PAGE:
The World Commission on Dams was established by the World Bank and the International Conservation Union to study and recommend responses to the weighty challenges before those of us involved with developing dam projects. There has been particular difficulty in getting approval for new projects. You have only to look at the Ilisu project in Turkey to appreciate the problem. The WCD report (WCD, 2000), published late last year, and its knowledge base, is a valuable resource and we should take full advantage of it. The report strongly supports the trend I have mentioned above of greater involvement by those affected in the essential development decision-making process. The principal stakeholders include financing institutions, industry and civil society. Theme C of this conference will consider the opportunities these stakeholders present in the context of uprating and rehabilitation.

Many countries have welcomed the WCD report as a means of overcoming the lack of understanding between those in favour and those opposed to dam-based projects. But it is also true that some countries, including European ones, are anxious lest the procedure proposed by the WCD will add unacceptable costs and time to desperately needed projects. To them I would say that the procedures proposed by the WCD, or ones like them, may become inevitable as the effect of improving education spreads throughout Europe and the world. It behoves us to study the report and its conclusions and recommendations and to implement them efficiently.

The WCD recommendations apply to all engineers involved with hydro projects, whether they work in the developed world or elsewhere. They refer specifically to the quality of our work in maintaining and rehabilitating existing assets. They point out that unless existing projects are well run it will be more difficult to secure the funding and public support needed for the development of new ones.

All four of the conference themes A, B, C and D, whether concerned with the technical details of improvements or the wider politico-social aspects, are relevant to us engineers as businessmen and entrepreneurs. We are aware of the economic importance of our projects and the need to optimise their performance. We have to make the best use of what we have and in this way we can hope for priority for the scarce capital available for our projects. The WCD reinforces the common sense belief that by communicating better and running our projects better will provide the conditions to expand our businesses.


4.1 Introduction

An important motivating factor in progressing with uprating and rehabilitation is the need to remove barriers to innovation and change, Theme B of this conference. These barriers include non-technical issues such as legal, regulatory, environmental and social matters.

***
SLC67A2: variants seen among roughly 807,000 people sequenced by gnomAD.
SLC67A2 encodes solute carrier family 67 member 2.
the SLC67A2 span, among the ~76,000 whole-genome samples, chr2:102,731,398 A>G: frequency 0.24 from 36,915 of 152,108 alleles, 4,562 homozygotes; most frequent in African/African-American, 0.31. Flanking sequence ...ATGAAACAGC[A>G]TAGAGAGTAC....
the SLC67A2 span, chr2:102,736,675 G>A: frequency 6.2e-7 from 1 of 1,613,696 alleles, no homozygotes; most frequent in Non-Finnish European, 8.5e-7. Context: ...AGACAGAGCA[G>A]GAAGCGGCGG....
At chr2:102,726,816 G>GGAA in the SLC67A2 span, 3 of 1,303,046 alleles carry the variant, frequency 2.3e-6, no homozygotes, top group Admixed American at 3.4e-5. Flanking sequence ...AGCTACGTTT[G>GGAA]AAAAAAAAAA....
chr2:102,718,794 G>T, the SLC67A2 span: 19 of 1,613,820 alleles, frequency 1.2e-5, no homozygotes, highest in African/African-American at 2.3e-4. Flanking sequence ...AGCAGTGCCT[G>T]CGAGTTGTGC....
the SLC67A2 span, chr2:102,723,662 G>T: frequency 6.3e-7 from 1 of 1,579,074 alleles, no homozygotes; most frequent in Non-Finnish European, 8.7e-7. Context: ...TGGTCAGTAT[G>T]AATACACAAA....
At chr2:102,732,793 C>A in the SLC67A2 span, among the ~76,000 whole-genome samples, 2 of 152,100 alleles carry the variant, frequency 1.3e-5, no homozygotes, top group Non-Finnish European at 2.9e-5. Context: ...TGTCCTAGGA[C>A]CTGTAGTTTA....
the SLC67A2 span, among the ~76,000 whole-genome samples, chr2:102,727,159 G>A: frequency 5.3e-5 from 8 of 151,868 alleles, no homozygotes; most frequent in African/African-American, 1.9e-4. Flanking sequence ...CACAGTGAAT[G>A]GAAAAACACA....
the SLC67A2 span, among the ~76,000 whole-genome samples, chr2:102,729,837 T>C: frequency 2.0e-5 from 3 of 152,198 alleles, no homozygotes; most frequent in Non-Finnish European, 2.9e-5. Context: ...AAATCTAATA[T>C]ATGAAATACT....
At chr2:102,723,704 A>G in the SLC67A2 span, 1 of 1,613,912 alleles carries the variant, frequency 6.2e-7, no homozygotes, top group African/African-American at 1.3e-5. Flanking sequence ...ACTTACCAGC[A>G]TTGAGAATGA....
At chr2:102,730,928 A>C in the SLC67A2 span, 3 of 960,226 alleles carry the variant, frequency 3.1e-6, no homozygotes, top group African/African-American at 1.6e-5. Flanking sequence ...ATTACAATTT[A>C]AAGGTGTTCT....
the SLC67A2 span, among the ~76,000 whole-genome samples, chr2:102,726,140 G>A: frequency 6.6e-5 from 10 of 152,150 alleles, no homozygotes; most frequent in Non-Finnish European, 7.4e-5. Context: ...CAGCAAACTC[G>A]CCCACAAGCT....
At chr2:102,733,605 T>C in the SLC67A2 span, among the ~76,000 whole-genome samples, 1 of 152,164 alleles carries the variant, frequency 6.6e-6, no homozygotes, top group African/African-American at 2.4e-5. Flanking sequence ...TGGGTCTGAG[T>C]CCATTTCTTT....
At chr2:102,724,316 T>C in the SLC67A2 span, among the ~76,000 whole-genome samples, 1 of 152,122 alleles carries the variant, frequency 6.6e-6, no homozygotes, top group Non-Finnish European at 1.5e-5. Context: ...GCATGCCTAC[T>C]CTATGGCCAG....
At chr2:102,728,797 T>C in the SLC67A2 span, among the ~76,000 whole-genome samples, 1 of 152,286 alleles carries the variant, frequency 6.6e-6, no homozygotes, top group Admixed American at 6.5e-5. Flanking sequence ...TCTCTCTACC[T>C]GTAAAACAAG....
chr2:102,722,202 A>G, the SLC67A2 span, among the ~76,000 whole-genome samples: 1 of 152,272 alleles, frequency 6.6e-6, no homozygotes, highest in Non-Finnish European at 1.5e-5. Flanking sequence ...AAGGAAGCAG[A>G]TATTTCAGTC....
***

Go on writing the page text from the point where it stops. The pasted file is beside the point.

Removing these barriers can only come through an understanding of the challenges in these fields. Success in overcoming the barriers will assist the market entry of such innovations as renewable and more efficient conventional technologies, and consumer-oriented energy services. In this context it will not be surprising if the barriers are lower for improvements to existing projects than for new ones.

WCD invite us to consider the benefits of improving our communication not only with our professional colleagues as we are doing here at this conference, but also with non technical people including those affected by the rehabilitation work we propose. To be effective the engineer must communicate, setting out to a conservative and largely non-technical community the benefits of our project plans.

The concept of communication resonates in this conference, particularly for those of us who come from the west. Starting from such a wide separation, it may take years to acquire the necessary experience and cross-cultural know-how for us to operate efficiently in central and eastern Europe. All the more important then to be able to demonstrate even a modest knowledge of the local language, which will surely be appreciated. The substantial E U Commission programmes Phare and ISPA with a combined annual spend of £2.5 billion are those of most interest here and are intended to help with the process of social and economic reform of the countries who will join the EU.

4.2 Working with opponents

The World Commission on Dams and the IRN has the approach right. We engineers should accept the challenge to communicate clearly, firstly by getting the science right, and then sharing our knowledge with all the stakeholders, preferably by using their own language.


5.1 Political developments in Eastern Europe

Nigel Holden wrote in a recent paper fo rtheInstitution of Civil Engineers in London. Civil Engineers wishing to take advantage of the potentially enormous opportunities for developing their business in the former Soviet-controlled economies of central and eastern

Europe should be aware. It is a minefield of disparate cultures, languages and religions, and has probably endured more political turmoil and oppression than any other region this century. If its people have one thing in common, it is a well-founded distrust of foreigners. Would-be business partners from outside thus need to tread warily, to approach markets on an individual basis and to handle business relationships with the utmost intelligence and tact. (Holden, 2001). It is surely through meetings such as this one in Prague that knowledge and trust can be established.

Many countries in the former Soviet bloc are working hard to adapt their economies to allow them entry to the European Union. Five countries have been identified as the next batch to be admitted to the European Union; Poland, Czech Rebublic, Estonia, Hungary and Slovenia. Here in the Czech Republic, considered along with Poland and Hungary to be one of the economic tigers of the region, they are very conscious of the work required.

Improvements to the power systems are of particular relevance to these efforts as the power systems of Eastern Europe are modernised, phasing out obsolete thermal plants and uprating or rehabilitating hydro electric plants. It appears to be a common feature that the economies of the Eastern European countries are temporarily depressed, just at the time that reconstruction takes place.